11 March 2020

A forgotten Yiddish theatre,
the mohel and the composer
near an East End synagogue

Princelet Street, off Brick Lane, is part of the colourful story of the Jewish East End in London (Photograph: Patrick Comerford, 2020)

Patrick Comerford

As I walked up and down Princelet Street in the East End of London last week in search of the Princelet Street story and the story of its Golem-like missing caretaker who lived in the attic but was missing for 20 years, I also came across the story of London’s first theatre, and the stories of a famous mohel or ritual circumciser and his son, a celebrated musicians.

No 6 Princelet Street, on the opposite side of the street to the former Princelet Street synagogue, was once numbered as No 3 Prince’s Street and was home to a 19th century Yiddish theatre.

The theatre was built by David Smith, a wealthy butcher, to showcase the talents of Jacob Adler – a Jewish actor who fled the pogroms in Odessa in Tsarist Russia in 1883. Adler began the Hebrew Dramatic Club, which performed in rented rooms in London. But he wanted a permanent home, and the theatre on what was then Prince’s Street opened in 1886.

Sir Samuel Montagu, Liberal MP for Whitechapel, philanthropist and founder of the Montagu bank, launched an appeal to raise funds for Smith’s theatre and was honorary president of the appeal.

When the theatre was completed it was named the Prince’s Street Club. It had an orchestra pit and a gallery and could seat an audience of 300 people. The premises also included a members’ library, for which members subscribed one shilling a year.

The repertoire of Adler’s company included the works of Shakespeare, Schiller, Goldfaden and other playwrights. The theatre was rooted in the local community, and whenever the troupe was short of numbers it drew upon the talents of willing local residents.

However, the performances were opposed by local rabbis, partly because they were staged in Yiddish and partly because Adler’s plays were staged on Fridays.

Sadly, the theatre did not last long. On the night of 18 January 1887, when a popular operetta, The Gypsy Girl, was being staged, a member of the audience called out ‘Fire!’ A full house rushed for the exits, and 17 people were crushed or suffocated to death in the ensuing melee, including two pregnant women.

Seven of the victims were buried in the West Ham Jewish cemetery that night. The remaining 10 bodies were taken to their family homes and were buried in the same cemetery the next day. The Jewish East End went into mourning and the front of the nearby Prince’s Street Synagogue was draped in black crepe in mourning for the victims.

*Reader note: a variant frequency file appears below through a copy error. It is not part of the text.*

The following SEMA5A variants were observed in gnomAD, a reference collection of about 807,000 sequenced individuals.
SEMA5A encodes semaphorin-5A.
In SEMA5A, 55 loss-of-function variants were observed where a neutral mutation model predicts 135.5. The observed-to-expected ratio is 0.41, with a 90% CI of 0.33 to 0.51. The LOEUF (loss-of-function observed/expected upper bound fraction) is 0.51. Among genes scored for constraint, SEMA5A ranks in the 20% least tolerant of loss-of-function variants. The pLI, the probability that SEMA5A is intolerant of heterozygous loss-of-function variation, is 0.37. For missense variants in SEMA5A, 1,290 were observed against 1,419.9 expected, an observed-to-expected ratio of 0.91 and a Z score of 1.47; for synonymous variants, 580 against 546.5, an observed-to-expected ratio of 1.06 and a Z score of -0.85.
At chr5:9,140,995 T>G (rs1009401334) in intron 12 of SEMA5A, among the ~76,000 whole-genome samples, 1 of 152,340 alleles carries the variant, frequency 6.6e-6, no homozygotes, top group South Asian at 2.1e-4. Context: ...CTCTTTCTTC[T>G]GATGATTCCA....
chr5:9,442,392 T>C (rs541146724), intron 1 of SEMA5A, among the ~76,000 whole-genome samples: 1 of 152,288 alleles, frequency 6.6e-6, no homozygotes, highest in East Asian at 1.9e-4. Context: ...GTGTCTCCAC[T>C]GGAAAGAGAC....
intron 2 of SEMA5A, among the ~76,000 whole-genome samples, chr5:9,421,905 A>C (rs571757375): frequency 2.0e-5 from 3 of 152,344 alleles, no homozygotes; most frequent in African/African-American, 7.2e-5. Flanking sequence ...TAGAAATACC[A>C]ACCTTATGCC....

The theatre never recovered its reputation and closed shortly after. Adler emigrated to New York the following month, helped by a gift of £200 from local rabbis. He later found fame in New York’s Yiddish Theatre, but often returned to London to perform in the Yiddish theatre.

Eventually, the Princelet Street Theatre was taken over by a group known as the ‘Jargon Players’ – ‘jargon’ was a slang word for Jewish among the Jews of the East End.

No 8 Princelet Street, once the home of the the Revd Alexander Tertis and his son the violist Lionel Tertis (Photograph: Patrick Comerford, 2020)

Next door, at No 8 Princelet Street, a viola is embedded in the pavement outside to commemorate the once-famous viola player Lionel Tertis (1876-1975) who lived in the house.

No 8 Princelet Street was once the home of his father, the Revd Alexander Tertis, who was the cantor or reader at Princes Street synagogue across the street at No 19. Apart from leading the Shabbat morning service he was also a skilled mohel or ritual circumciser, according to an advert he placed in the Jewish Chronicle in 1886:

The Reverend A Tertis (Reader of the Princes Street Synagogue), Practical and skilful mohel.

Eleven years experience. Personal attendance until cured. Numerous references from medical men.

8 Princes Street, Spitalfields E.

By 1890, Alexander Tertis appears to have moved up in the world due to increasing demand for his professional skills. He was still living at the same address, but his advert in the Jewish Chronicle proclaimed:

Circumcisions, Reverend A Tertis, surgeon-mohel and chief practitioner in the above profession

8 Princes Street, Spitalfields, London E. Patrons are requested to give 5 or 6 days notice, he having a very extensive practice.

Tertis later moved to Stamford Hill, where he was still circumcising into his old age. One of his last adverts reads:

Circumcisions, Reverend A Tertis, youths and adults irrespective of creed, abnormal cases a speciality

33 Listiria Park N. Phone 115 Dalston

When Alexander Tertis moved out of Princelet Street, another mohel moved in next door at No 6. Tertis died in 1918 and is buried in the Federation cemetery in Edmonton.

Alexander Tertis was the father of Lionel Tertis, one of the most celebrated viola players of the 20th century. As Professor of Viola at the Royal Academy of Music from 1900, he encouraged his colleagues and students to compose for the instrument, thereby greatly expanding its repertoire.

Composers such as Arnold Bax, Frank Bridge, Gustav Holst, Benjamin Dale, York Bowen, Ralph Vaughan Williams and William Walton wrote pieces for him.

Lionel Tertis died at the age of 98 in 1975. His fame is typical of the upwardly mobile progress experienced by many Jewish families in the East End as the immigrant generation was succeeded by the English-born generation.

Princelet Street, looking east from Wilkes Street towards Brick Lane (Photograph: Patrick Comerford, 2020)

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